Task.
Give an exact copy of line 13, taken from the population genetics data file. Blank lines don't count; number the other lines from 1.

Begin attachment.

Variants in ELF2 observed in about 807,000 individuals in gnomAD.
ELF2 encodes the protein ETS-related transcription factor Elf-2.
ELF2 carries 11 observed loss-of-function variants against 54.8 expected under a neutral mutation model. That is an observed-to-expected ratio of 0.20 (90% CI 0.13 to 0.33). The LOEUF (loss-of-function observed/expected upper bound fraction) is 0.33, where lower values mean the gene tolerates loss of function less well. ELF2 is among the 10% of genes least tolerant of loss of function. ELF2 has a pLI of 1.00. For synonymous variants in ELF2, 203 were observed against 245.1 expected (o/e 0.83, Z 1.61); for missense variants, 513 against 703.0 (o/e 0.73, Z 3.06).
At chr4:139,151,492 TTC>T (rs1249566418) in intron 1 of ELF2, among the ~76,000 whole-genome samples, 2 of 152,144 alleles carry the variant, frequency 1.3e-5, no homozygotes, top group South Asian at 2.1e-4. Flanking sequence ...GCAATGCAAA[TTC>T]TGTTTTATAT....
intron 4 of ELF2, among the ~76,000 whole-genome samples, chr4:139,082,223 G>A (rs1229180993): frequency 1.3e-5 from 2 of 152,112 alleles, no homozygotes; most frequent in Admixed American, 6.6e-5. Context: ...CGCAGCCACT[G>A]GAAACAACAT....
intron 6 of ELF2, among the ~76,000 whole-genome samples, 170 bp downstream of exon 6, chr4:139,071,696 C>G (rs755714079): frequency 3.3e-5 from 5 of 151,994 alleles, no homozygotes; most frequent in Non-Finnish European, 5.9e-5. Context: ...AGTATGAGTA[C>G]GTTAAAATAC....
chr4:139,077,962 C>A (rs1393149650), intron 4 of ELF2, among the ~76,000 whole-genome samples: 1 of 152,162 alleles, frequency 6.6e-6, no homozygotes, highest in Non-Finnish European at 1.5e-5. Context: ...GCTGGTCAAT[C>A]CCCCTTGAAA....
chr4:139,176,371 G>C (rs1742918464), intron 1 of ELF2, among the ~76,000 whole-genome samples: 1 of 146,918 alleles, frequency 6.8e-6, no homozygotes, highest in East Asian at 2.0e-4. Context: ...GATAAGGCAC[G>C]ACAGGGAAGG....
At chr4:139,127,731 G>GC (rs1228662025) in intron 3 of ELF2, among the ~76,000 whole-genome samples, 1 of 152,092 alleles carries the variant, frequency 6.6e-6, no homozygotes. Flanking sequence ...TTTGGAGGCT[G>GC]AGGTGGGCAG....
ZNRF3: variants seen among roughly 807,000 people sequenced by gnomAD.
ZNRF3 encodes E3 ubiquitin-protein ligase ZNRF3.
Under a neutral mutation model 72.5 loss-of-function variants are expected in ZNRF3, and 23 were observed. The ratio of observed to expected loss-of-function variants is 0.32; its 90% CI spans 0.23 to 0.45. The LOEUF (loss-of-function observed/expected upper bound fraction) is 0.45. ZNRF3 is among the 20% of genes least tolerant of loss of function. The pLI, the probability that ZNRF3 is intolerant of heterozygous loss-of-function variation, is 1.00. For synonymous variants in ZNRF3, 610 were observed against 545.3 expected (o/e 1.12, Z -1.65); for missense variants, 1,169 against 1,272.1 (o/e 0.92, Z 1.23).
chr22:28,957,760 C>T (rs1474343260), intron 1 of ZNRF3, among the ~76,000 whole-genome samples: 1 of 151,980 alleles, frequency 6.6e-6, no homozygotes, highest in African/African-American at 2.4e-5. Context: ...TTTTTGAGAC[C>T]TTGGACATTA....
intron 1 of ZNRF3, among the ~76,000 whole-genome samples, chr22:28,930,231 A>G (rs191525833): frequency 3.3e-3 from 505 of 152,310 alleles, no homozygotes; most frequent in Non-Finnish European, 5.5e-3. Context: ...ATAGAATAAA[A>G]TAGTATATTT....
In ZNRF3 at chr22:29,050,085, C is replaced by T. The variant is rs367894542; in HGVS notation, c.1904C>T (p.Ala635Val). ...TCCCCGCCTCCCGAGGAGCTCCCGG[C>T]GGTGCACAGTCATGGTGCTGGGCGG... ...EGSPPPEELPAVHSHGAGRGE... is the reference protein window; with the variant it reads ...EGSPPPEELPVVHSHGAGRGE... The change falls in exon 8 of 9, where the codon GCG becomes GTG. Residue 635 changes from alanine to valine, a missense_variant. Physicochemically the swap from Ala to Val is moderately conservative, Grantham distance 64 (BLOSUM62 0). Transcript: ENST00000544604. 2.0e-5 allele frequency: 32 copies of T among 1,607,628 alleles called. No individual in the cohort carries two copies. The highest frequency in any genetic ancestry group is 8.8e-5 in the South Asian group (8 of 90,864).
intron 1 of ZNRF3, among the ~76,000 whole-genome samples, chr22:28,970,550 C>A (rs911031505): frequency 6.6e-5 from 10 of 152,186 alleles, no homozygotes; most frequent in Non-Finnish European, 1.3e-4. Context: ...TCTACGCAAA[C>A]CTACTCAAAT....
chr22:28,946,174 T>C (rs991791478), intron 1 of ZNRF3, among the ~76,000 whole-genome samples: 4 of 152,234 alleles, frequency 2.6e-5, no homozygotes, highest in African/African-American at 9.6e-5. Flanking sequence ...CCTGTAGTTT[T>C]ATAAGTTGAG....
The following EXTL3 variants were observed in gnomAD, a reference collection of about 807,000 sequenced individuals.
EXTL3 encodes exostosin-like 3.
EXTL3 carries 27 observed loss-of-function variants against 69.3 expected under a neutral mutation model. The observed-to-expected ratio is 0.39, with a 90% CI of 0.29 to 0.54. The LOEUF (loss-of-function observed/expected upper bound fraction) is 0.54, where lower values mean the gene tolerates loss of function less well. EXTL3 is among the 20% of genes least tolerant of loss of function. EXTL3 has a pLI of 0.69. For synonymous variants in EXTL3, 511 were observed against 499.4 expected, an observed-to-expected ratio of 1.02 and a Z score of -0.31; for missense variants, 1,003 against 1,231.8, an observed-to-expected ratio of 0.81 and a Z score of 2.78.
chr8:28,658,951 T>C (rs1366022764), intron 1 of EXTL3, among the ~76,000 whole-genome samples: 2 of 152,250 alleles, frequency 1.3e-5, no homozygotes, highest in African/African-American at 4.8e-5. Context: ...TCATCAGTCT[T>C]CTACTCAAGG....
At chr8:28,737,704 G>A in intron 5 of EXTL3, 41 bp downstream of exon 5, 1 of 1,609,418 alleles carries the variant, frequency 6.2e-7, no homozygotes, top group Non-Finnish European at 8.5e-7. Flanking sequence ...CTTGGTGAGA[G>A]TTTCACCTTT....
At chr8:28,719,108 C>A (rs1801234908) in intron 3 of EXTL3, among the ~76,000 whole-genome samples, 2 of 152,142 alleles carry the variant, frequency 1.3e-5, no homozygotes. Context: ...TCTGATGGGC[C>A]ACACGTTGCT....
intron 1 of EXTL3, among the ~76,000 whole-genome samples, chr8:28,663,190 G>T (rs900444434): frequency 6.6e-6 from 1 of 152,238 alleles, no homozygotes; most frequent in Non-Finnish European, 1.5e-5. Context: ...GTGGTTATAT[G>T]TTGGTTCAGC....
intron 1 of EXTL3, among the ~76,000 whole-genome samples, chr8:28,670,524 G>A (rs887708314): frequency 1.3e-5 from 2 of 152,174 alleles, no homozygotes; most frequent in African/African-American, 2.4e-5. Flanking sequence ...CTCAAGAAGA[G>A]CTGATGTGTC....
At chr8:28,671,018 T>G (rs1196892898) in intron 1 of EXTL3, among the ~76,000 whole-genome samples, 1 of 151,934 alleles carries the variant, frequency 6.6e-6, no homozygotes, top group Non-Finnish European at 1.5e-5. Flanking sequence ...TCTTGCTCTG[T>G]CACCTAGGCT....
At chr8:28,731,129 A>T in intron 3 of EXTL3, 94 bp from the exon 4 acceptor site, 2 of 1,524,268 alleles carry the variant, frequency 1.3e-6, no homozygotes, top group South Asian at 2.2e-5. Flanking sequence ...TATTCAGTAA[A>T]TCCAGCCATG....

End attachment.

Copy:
chr22:28,957,760 C>T (rs1474343260), intron 1 of ZNRF3, among the ~76,000 whole-genome samples: 1 of 151,980 alleles, frequency 6.6e-6, no homozygotes, highest in African/African-American at 2.4e-5. Context: ...TTTTTGAGAC[C>T]TTGGACATTA....